The U.S. has long been accused of using the international role of the dollar to exercise an “exorbitant privilege.” The term, first used by French finance minister Valéry Giscard d’Estaing, refers to the ability of the U.S. to finance its current account deficits and acquire foreign assets by issuing dollars as a reserve currency. While flexible exchange rates have lowered the need for reserve currencies, the use of the dollar in international trade and finance ensures that there is a continuing need for dollar-denominated assets. The status of the dollar contributes to the surplus in U.S. international investment income despite its negative net international investment position (NIIP). But France also has a surplus in international investment income and a negative NIIP. Does it possess its own privilege?
The U.S. surplus reflects the composition of its external balance sheet as well as the return on its assets and liabilities. The U.S. has a positive balance on equity, and in particular, FDI, which is offset by the negative balance on portfolio securities, such as bonds. U.S. Treasury bonds are the universal “safe asset,” held by private foreign investors as well as central banks. The return on the equity assets exceeds that paid on the debt liabilities, thus yielding a positive investment income balance. This is the return that the U.S. receives for playing the role of the “world’s venture capitalist,” according to Pierre-Olivier Gourinchas of UC-Berkeley and Hélène Rey of the London Business School. In addition, the U.S. receives a higher return on its FDI assets than it pays out on its FDI liabilities.
France also has a negative NIIP but a positive net international investment income balance. In 2018, for example, it received $35.6 billion in investment income. Moreover, the Banque de France pointed out in the 2015 Annual Report on the French Balance of Payments and International Investment Position that while the ratio of outward direct investment stocks to liabilities was 2 to 1, the ratio of FDI receipts to payments was 3 to 1. The French surplus, like that of the U.S., therefore can be attributed to both a “composition” effect reflecting the difference in the types of assets and liabilities it possesses, but also a “returns” effect due to the relatively higher return on its direct investment assets vis-à-vis its liabilities.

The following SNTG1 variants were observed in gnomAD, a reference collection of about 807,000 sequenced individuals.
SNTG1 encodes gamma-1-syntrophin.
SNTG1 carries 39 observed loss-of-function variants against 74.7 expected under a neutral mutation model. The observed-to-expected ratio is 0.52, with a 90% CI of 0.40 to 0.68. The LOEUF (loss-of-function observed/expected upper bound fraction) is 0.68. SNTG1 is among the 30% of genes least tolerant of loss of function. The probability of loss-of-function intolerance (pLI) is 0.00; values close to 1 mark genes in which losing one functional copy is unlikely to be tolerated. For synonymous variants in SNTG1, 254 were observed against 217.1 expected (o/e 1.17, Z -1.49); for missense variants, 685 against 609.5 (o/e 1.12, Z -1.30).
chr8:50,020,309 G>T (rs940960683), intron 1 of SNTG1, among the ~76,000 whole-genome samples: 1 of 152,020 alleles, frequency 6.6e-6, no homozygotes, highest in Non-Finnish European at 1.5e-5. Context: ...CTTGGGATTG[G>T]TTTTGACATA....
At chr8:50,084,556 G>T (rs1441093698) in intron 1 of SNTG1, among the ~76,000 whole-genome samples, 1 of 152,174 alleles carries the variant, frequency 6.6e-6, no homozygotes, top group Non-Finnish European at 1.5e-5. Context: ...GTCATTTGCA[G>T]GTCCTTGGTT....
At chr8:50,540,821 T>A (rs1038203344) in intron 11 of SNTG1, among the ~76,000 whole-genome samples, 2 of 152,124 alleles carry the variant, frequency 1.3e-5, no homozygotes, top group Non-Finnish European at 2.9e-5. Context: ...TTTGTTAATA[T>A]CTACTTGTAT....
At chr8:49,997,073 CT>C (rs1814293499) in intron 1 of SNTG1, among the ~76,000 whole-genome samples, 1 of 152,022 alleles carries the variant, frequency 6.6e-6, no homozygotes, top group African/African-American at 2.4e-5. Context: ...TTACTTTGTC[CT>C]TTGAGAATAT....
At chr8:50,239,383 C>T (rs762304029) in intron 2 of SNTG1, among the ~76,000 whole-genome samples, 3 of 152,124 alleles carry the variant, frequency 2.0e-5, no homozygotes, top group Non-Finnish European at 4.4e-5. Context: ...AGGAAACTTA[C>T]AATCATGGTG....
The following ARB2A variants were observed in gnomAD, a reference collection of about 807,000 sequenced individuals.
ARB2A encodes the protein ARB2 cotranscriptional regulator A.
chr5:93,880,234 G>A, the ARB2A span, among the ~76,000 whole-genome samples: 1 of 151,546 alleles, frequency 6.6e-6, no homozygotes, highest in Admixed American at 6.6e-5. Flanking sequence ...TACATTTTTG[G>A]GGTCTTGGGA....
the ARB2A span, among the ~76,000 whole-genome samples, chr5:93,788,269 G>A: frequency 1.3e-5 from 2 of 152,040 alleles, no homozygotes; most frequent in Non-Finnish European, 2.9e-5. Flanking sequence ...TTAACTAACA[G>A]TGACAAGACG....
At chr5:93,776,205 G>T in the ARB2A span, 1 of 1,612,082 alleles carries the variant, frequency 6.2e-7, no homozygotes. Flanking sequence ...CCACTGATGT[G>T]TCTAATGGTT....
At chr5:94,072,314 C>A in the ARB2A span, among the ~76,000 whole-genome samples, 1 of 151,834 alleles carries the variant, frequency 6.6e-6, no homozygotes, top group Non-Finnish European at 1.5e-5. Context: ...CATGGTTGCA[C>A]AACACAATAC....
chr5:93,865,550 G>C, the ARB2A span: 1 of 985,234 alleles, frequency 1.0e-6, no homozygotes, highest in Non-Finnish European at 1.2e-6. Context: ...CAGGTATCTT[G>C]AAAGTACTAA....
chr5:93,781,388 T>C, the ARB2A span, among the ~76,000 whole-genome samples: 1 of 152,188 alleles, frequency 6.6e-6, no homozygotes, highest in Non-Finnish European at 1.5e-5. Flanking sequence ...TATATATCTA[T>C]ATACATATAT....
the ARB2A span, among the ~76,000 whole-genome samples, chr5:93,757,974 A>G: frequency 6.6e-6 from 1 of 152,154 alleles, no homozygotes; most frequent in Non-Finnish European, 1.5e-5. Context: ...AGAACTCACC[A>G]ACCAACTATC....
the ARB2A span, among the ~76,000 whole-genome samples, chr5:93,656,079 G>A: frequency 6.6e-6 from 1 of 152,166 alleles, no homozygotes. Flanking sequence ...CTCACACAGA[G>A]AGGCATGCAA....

Vincent Vicard of CEPII (Centre d’Etudes Prospectives et d’Informations Internationales) has examined this return in a CEPII working paper, “The Exorbitant Privilege of High Tax Countries.” He finds that French firms earn higher returns on their foreign operations in low tax countries and tax havens, evidence of using the reporting of profits to increase returns. Profit shifting by the French multinationals account for two percentage points of the difference in returns on French assets and liabilities. Four European countries account for much of this activity: Luxembourg, Netherlands, Switzerland and the United Kingdom.
These results are consistent with those reported for other countries, particularly the U.S. Kim Clausing of Reed College, for example, examined the impact of differentials in tax rates on the profits of U.S affiliates in “Multinational Firm Tax Avoidance and Tax Policy” in the National Tax Journal in 2009. More recently, Thomas Tørsløv and Ludvig Wier, both of the University of Copehhagen, and Gabriel Zucman of UC-Berkeley investigated the profit-shifting of multinationals in a range of countries in a NBER Working Paper, “The Missing Profits of Nations.” They estimate that close to 40% of multinational profits are shifted to tax havens globally each year. The non-haven European Union countries appear to be the main losers from this maneuvering.
But it would be too simple to dismiss the foreign earnings of French or U.S. firms as a purely accounting artifact. Multinationals have used information and communications technology to form global supply chains that allow them to source operations in low-cost countries and assemble the components elsewhere before shipment to the final market. France has its share of multinationals, including firms such as BNP Paribus, Carrefour and Peugeot. Moreover, foreign economic expansion by French firms and investors predates modern tax codes. Thomas Piketty of the School for Advanced Studies in the Social Sciences and the Paris School of Economics pointed out in Capital in the Twenty-First Century that the income earned from foreign holdings were sufficient to finance trade deficits and capital outflows in Great Britain and France during the late nineteenth and early twentieth centuries.
The U.S. and other governments have lowered corporate tax rates in part to lure multinationals back to their home countries, and the members of the Organization for Economic Cooperation and Development intend to limit profit shifting by multinationals. Whether or not this strategy will be successful is not clear. Chris Jones and Yama Temouri of the Aston Business School have pointed out in “The Determinants of Tax Haven FDI” in the Journal of World Business that tax havens have advantages for multinationals besides lower tax rates, including few regulations and restricted openness. But President Trump has also made clear that he wants U.S. firms to operate domestically, and is willing to limit access to U.S. markets by foreign firms. France’s “privilege,” exorbitant or not, will be affected by these restrictions.